The Torah of Rav Yehosef Schwartz

Since this parsha, Re’eih, discusses the different species of kosher animals, a topic that will be included in this article, it provides an opportunity to learn about a very unique talmid chachom and tzadik, Rav Yehosef Schwartz.

The Torah of Rav Yehosef Schwartz

Question #1: Which minyan?

“In the minyan factory shtiebel that I often attend, it sometimes happens that most of my minyan has already heard the entire Chazoras Hashatz and answered Kedushah and Kaddish before we assemble to daven. Does this present us with any halachic questions?”

Question #2: Which chayah?

“A gnu is not listed in the Torah among the seven chayos, kosher wild animals, although it has split hooves and chews its cud. Why is it not listed?”

Question #3: Which borders?

“Where exactly are the borders of Eretz Yisroel?”

Question #4: Which question?

“What do the preceding three questions have to do with one another?”

Answer:

Rav Yehosef Schwartz, an outstanding talmid chochom and oveid Hashem, was also probably the greatest cartographer of Eretz Yisroel in history. We will study some background of this very unusual personality, and learn some of his Torah.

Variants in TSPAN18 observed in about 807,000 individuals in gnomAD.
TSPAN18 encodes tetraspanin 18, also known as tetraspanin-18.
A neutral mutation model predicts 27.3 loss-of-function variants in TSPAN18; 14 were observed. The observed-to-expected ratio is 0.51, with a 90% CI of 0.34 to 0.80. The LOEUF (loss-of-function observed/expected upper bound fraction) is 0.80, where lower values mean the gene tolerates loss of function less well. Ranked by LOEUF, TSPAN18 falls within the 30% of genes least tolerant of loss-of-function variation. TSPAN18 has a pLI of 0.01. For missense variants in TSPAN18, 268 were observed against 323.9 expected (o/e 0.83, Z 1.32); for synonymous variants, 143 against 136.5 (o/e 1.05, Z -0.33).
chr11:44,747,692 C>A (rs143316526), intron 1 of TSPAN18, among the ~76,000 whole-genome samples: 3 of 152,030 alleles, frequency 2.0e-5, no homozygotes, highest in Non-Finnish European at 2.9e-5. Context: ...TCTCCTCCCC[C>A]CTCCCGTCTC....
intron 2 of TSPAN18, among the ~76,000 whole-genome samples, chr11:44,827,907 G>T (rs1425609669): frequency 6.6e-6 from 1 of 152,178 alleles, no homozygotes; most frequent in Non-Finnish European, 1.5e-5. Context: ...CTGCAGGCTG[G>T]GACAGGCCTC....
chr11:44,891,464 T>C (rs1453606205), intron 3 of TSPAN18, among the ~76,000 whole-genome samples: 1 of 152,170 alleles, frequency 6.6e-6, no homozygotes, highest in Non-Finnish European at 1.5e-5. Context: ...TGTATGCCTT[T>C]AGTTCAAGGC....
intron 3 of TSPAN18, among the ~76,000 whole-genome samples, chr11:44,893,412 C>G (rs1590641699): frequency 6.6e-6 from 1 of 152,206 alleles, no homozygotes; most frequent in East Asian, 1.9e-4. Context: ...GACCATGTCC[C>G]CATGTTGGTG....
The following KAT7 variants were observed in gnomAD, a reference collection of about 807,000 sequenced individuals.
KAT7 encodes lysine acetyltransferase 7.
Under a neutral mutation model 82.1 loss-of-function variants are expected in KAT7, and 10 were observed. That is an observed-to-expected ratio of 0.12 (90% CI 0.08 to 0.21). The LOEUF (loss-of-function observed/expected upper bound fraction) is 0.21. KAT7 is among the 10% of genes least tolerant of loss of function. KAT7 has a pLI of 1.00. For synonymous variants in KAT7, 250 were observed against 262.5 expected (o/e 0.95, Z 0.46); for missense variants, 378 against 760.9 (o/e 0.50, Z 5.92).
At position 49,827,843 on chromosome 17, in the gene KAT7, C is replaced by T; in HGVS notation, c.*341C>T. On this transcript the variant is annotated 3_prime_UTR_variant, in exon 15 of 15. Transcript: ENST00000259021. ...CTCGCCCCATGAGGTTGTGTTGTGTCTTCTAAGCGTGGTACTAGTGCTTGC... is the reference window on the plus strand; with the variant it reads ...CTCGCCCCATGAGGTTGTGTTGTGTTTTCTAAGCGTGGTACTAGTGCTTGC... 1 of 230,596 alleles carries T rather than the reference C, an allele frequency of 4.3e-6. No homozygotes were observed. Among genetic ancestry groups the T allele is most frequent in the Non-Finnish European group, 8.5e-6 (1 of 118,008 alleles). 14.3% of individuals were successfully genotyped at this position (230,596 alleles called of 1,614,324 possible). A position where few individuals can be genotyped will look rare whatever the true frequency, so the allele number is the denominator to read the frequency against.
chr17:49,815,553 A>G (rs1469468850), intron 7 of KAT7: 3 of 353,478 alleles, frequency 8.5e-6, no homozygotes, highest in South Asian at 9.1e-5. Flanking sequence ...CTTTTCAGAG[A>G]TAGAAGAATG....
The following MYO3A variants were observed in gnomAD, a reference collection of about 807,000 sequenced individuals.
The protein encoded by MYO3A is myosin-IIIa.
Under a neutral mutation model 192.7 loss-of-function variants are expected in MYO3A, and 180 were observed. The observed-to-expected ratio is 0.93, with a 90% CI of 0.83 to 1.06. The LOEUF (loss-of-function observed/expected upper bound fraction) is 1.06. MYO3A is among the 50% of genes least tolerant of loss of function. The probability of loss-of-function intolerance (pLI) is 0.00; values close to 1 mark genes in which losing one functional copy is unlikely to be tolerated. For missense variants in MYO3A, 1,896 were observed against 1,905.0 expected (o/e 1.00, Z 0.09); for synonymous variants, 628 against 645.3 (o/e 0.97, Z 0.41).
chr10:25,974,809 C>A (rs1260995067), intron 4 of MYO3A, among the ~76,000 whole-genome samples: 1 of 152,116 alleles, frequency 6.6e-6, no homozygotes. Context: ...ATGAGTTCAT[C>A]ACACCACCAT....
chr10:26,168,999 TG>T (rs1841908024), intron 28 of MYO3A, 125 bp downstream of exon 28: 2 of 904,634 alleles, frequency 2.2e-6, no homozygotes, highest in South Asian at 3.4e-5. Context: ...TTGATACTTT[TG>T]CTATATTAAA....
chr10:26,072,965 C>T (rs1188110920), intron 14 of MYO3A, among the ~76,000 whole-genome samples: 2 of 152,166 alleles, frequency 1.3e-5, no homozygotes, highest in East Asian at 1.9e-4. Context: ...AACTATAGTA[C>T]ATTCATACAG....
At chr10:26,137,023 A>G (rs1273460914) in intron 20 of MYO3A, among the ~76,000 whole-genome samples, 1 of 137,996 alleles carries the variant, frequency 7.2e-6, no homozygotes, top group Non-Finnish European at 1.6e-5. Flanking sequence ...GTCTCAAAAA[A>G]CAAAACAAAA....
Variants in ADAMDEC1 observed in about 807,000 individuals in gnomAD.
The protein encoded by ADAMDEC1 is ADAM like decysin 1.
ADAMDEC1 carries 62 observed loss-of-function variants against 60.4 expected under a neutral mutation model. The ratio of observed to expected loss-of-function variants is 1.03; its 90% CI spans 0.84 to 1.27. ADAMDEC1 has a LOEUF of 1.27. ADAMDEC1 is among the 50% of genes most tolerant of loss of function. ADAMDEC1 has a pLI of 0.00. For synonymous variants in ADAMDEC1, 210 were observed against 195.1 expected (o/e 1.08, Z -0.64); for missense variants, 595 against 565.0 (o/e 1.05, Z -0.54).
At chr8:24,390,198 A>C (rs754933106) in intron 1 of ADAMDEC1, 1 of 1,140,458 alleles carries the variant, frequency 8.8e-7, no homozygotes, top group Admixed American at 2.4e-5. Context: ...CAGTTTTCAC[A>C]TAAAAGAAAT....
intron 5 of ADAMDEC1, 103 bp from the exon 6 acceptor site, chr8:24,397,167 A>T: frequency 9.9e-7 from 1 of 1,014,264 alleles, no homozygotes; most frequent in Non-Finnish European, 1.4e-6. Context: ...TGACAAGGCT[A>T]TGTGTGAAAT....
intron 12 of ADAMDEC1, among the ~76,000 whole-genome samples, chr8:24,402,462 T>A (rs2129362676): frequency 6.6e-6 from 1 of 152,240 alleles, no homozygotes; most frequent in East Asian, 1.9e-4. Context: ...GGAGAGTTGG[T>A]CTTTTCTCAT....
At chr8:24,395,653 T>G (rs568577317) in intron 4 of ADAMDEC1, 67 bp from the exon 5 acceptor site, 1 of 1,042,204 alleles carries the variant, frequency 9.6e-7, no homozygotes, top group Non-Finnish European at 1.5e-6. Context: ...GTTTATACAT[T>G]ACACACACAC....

Rav Yehosef Schwartz was born in 1804 in a small Bavarian village where his antecedents had dwelled for many generations. A contemporary of Rav Samson Raphael Hirsch, he shared many of Rav Hirsch’s characteristics. Both men identified themselves as having a very specific, particular mission in serving Hashem, and pursued it despite living among people who neither shared nor necessarily understood their vision. Both maintained total humility, notwithstanding their considerable accomplishments, personal and communal. Both ended up becoming prolific and original authors on Torah subjects, in spite of the fact that neither had intended to do so early in life. Both married women whom they recognized would assist them in fulfilling their life’s goals, notwithstanding the difference in age between them. Both attended German universities with the specific goal of attaining knowledge they felt was necessary for them to fulfill their mission, yet neither one of them completed the requirements for the coveted doctoral degree. Both were involved extensively in providing chesed for their brethren, both journeyed widely to execute this goal, and both relocated to accomplish what they saw as their specific mission in fulfilling Hashem’s will. Both studied kabbalah, yet couched their knowledge in ways that their readers would not realize that they had drunk from those springs. Neither was always understood by the great halachic authorities of their generation, but both were highly respected gedolim, whose original contributions have withstood the test of time.